Virginia Assembly Approves Pared-Back Spending Plan
March 16, 2010
Virginia lawmakers bridged vast divisions Sunday to pass a pared-down $70 billion budget and two-year spending plan that dials back state funding for education, health care and employee pensions while raising about $100 million in fees.
Lawmakers had feuded for weeks about how to close a shortfall through mid-2012 of more than $4 billion. A small team of negotiators from the GOP-led House and Democrat-majority Senate dragged the session into a single day of overtime before emerging with a compromise early Sunday morning.
Their budget builds on an original document from former Gov. Tim Kaine, who in December proposed $2.3 billion in reductions.
The General Assembly agreed to cut an additional $250 million from K-12 education, $360 million from health care and $120 million from local aid, while underfunding the Virginia Retirement System by $620 million with the plan of making up the contributions over the next dozen years.
"There’s no way to sugarcoat the fact that when you have a $250 million cut in K-12 and $300-plus million cut in health and human resources, that there’s going to be a real impact on some Virginians ," Gov. Bob McDonnell said in a news conference. "… There’s no way to say this budget will not cause some pain to our citizens."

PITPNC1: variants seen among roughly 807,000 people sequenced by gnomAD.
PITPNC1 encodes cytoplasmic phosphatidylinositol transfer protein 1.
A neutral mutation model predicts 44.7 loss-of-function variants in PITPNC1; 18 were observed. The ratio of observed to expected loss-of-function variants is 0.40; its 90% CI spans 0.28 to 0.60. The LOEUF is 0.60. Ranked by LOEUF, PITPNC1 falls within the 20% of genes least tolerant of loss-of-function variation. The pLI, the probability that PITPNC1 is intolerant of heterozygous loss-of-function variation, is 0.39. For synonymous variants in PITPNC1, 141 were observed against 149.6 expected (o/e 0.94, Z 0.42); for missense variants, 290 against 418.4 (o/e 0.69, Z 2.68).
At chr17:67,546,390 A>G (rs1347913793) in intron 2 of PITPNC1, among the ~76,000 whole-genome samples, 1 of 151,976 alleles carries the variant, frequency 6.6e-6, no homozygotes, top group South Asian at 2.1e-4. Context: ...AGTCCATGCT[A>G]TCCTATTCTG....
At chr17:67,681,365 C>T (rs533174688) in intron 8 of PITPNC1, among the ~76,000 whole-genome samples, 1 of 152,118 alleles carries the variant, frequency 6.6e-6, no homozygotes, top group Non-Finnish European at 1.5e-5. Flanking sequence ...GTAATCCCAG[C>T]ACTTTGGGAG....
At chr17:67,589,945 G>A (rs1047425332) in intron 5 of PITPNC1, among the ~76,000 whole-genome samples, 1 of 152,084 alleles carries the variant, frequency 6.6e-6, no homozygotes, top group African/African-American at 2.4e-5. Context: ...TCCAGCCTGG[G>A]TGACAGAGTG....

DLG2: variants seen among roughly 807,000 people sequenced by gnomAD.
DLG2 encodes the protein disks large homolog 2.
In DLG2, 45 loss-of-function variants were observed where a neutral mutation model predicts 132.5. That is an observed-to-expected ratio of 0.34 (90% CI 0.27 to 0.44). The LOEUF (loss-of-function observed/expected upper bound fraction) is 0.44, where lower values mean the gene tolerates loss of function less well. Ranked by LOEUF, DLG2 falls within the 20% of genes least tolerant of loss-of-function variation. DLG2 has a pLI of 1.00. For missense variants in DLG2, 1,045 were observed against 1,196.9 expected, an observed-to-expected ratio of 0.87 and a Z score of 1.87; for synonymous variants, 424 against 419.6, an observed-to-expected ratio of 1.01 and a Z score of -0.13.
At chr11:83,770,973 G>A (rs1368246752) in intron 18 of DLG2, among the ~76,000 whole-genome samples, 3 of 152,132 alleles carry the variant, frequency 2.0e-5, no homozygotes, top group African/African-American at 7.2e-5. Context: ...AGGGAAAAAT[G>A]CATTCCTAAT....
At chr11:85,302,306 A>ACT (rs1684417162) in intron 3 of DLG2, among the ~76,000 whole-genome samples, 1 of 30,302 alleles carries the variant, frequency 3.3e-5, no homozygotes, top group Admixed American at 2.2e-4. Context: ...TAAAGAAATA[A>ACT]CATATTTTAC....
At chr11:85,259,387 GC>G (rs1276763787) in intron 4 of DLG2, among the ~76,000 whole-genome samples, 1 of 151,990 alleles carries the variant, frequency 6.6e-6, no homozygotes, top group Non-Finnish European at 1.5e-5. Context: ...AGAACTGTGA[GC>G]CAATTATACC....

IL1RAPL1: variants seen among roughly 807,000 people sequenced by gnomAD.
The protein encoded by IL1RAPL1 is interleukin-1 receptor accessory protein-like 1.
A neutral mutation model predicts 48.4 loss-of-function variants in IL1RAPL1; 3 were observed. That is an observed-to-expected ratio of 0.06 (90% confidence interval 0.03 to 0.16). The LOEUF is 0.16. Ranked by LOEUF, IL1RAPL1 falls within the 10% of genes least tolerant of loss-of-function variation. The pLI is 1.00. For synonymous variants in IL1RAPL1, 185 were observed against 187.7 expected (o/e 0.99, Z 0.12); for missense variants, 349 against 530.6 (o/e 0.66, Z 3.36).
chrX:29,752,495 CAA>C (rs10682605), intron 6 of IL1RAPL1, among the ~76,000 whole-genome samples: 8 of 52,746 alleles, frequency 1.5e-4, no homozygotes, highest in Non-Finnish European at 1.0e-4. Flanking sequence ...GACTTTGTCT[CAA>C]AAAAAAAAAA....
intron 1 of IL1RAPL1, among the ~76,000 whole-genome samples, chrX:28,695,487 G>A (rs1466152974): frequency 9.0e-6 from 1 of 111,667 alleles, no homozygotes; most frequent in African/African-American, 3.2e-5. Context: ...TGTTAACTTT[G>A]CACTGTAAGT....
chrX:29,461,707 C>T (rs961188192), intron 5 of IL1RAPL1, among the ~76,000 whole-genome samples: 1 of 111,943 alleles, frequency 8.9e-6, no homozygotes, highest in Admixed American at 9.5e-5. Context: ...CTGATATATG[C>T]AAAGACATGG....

Lawmakers decided not to furlough employees, which had been favored by the Senate and McDonnell. The House, which wanted no fee increases, and the Senate, which had pushed for $330 million more in fees, agreed to increase the charges for court visits and several other services.
Those increases met with protest from anti-tax forces in the House. By embedding the fees in the budget, said Del. Bob Marshall, R-Manassas, lawmakers were "ducking a separate vote" on the items.
The health care cuts target both program eligibility and reimbursements to hospitals, nursing homes and other providers, although those reductions would be restored with an expected $370 million in extended federal Medicaid dollars.
The compromise bill passed on a 73-23 vote in the House and a 34- 6 vote in the Senate.